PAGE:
Despite his demanding schedule, Bernat finds joy in traveling when he can, particularly to the Mediterranean region. He believes every change of place is a form of fulfillment, an attitude passed down from his childhood. Bernat’s love for travel and exploration is another reflection of his adventurous spirit and his thirst for new experiences.

Looking towards the future, Bernat envisions a dynamic structure for Ultimate Life Guiding, complete with practical courses, training, lectures, and a team of dedicated ULG guides. “Our first step that we are now taking together is a leading one for me. The effect of this action will be the real beginning,” Bernat shares.

Through his journey and the inception of Ultimate Life Guiding, Wojtek Bernat has demonstrated that the path to spiritual and physical resilience is not merely about temporary fixes, but a profound, transformative journey into one’s health and wellbeing. It’s about acknowledging the complexity of human existence and taking the reins to guide one’s life towards a more fulfilled, harmonious, and healthier existence.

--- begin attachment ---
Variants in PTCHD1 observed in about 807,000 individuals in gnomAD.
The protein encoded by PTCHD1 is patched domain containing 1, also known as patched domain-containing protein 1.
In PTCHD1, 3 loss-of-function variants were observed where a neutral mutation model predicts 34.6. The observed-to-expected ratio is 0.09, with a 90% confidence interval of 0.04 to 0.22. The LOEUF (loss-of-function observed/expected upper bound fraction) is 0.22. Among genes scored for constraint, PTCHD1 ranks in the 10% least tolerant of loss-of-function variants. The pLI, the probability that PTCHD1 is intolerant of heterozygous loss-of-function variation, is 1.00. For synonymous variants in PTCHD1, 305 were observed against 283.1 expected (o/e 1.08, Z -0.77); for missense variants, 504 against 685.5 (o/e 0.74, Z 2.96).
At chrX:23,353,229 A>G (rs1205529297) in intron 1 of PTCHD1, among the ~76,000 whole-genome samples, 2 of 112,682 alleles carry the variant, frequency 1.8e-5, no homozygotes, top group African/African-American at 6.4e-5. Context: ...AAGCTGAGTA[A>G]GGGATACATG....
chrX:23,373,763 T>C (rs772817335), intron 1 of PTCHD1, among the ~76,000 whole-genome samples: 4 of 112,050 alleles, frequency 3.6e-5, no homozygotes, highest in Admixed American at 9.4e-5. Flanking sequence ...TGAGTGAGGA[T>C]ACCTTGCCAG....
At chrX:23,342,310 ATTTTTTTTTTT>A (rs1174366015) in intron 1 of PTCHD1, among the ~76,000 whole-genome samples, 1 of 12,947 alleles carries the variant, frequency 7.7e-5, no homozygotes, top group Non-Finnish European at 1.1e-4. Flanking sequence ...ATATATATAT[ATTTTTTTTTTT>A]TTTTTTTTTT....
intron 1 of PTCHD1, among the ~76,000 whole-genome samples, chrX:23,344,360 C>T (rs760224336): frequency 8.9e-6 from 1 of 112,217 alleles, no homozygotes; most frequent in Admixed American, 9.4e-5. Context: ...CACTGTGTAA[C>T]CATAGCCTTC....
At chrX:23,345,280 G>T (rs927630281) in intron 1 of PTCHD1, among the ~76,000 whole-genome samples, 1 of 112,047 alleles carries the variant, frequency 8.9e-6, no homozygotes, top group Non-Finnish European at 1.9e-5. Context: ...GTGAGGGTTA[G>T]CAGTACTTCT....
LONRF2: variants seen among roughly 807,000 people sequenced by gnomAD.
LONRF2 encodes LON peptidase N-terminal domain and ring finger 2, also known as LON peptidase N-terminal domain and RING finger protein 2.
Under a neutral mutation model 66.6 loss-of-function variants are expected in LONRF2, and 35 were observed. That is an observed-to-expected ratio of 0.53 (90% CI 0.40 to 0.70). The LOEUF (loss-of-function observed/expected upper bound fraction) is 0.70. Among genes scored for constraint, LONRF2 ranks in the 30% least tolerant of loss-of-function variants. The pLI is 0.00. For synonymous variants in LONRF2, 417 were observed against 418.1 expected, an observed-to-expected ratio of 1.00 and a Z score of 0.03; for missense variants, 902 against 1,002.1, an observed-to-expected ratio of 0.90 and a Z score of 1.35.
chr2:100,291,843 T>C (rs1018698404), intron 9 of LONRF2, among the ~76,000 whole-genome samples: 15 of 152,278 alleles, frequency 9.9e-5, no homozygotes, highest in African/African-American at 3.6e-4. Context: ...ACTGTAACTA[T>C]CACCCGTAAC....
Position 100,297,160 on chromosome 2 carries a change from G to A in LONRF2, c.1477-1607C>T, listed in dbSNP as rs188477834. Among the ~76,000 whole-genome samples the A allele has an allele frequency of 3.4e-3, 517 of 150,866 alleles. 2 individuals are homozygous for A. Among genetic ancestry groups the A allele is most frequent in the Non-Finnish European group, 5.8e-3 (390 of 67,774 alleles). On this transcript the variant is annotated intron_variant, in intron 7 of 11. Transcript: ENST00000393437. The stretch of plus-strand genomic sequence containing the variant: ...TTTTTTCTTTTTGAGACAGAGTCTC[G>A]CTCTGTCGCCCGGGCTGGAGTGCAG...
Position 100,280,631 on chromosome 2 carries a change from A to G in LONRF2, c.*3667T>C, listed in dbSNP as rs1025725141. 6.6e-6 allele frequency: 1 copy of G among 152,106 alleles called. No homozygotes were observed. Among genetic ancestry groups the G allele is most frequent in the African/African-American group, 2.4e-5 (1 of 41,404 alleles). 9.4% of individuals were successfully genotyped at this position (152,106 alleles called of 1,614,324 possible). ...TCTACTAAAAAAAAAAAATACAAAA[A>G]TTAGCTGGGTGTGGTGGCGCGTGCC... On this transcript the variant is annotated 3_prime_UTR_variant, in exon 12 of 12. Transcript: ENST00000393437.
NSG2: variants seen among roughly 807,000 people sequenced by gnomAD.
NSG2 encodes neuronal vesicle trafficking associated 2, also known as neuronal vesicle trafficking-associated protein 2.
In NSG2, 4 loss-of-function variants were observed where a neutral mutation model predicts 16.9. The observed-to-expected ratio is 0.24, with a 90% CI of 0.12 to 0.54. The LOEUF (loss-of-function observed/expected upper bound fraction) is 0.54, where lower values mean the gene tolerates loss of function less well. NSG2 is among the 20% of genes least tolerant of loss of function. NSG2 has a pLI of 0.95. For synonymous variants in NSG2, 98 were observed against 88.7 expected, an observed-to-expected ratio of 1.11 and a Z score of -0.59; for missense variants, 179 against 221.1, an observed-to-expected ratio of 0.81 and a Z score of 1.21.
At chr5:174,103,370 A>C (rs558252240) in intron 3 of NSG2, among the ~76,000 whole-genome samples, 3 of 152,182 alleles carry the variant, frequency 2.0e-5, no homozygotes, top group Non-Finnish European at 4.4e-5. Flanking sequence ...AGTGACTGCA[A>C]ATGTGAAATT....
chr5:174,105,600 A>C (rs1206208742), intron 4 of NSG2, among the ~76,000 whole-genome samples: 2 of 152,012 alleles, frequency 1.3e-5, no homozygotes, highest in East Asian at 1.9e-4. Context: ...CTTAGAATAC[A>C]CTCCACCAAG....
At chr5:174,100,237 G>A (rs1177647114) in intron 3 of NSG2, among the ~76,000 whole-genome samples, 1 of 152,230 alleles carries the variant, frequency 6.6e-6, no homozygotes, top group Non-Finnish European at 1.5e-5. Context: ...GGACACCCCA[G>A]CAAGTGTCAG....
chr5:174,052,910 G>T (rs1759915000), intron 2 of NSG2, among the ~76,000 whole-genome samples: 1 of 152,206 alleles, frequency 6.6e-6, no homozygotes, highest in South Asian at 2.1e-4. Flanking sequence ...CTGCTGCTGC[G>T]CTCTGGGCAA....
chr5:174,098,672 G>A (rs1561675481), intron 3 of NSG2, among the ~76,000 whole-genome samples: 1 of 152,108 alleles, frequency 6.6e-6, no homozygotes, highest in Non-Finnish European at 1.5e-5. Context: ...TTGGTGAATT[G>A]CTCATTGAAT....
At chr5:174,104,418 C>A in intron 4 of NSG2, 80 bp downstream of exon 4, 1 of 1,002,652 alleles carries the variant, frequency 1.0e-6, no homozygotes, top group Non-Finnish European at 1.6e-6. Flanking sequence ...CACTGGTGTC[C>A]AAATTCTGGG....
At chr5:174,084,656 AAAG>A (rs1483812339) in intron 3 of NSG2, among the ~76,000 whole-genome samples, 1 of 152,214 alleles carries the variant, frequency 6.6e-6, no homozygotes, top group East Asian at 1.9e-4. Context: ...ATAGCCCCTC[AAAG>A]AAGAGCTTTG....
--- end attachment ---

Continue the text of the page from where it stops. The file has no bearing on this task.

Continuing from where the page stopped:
Wojtek Bernat is not just creating a health program; he’s offering a path to whole-body wellness health that fosters deep, transformative change. He invites us all to acknowledge the complexity of our existence and take an active role in guiding our life towards a more harmonious, fulfilled, and healthier existence. This is not just a testament to Bernat’s spirit and vision, but a beacon of hope for a healthier, more mindful future for us all.

To learn more about Wojtek’s journey and the work of Ultimate Life Guiding, please visit wojtekbernat.com

 

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Understanding Leg Injuries from Car Accidents: Common Types

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Have you ever wondered how a car accident might affect your legs?